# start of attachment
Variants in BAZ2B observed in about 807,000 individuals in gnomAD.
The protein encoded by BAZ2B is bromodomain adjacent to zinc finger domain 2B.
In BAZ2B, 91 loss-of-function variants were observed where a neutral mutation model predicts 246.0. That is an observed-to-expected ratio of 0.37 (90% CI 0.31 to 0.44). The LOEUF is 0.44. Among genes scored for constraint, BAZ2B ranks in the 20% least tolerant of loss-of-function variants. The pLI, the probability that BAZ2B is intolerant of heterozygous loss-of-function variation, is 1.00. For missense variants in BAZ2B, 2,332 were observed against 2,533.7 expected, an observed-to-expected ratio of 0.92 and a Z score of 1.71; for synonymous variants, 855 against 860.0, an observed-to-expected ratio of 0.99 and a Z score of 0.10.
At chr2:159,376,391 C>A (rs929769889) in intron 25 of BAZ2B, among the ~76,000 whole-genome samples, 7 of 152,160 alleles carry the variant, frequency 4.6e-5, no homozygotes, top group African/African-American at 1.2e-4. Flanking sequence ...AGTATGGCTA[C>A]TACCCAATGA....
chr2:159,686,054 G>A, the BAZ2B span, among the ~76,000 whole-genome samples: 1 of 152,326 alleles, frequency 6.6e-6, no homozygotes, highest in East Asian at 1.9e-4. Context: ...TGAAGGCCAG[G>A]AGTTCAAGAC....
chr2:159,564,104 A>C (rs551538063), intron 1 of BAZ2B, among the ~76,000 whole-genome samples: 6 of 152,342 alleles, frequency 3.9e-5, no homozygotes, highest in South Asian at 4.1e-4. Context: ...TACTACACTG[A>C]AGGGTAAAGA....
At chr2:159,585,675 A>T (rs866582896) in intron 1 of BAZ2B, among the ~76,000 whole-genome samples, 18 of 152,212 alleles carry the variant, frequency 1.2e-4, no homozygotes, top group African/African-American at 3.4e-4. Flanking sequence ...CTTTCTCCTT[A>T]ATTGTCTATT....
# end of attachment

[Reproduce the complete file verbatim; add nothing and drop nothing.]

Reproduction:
Variants in BAZ2B observed in about 807,000 individuals in gnomAD.
The protein encoded by BAZ2B is bromodomain adjacent to zinc finger domain 2B.
In BAZ2B, 91 loss-of-function variants were observed where a neutral mutation model predicts 246.0. That is an observed-to-expected ratio of 0.37 (90% CI 0.31 to 0.44). The LOEUF is 0.44. Among genes scored for constraint, BAZ2B ranks in the 20% least tolerant of loss-of-function variants. The pLI, the probability that BAZ2B is intolerant of heterozygous loss-of-function variation, is 1.00. For missense variants in BAZ2B, 2,332 were observed against 2,533.7 expected, an observed-to-expected ratio of 0.92 and a Z score of 1.71; for synonymous variants, 855 against 860.0, an observed-to-expected ratio of 0.99 and a Z score of 0.10.
At chr2:159,376,391 C>A (rs929769889) in intron 25 of BAZ2B, among the ~76,000 whole-genome samples, 7 of 152,160 alleles carry the variant, frequency 4.6e-5, no homozygotes, top group African/African-American at 1.2e-4. Flanking sequence ...AGTATGGCTA[C>A]TACCCAATGA....
chr2:159,686,054 G>A, the BAZ2B span, among the ~76,000 whole-genome samples: 1 of 152,326 alleles, frequency 6.6e-6, no homozygotes, highest in East Asian at 1.9e-4. Context: ...TGAAGGCCAG[G>A]AGTTCAAGAC....
chr2:159,564,104 A>C (rs551538063), intron 1 of BAZ2B, among the ~76,000 whole-genome samples: 6 of 152,342 alleles, frequency 3.9e-5, no homozygotes, highest in South Asian at 4.1e-4. Context: ...TACTACACTG[A>C]AGGGTAAAGA....
At chr2:159,585,675 A>T (rs866582896) in intron 1 of BAZ2B, among the ~76,000 whole-genome samples, 18 of 152,212 alleles carry the variant, frequency 1.2e-4, no homozygotes, top group African/African-American at 3.4e-4. Flanking sequence ...CTTTCTCCTT[A>T]ATTGTCTATT....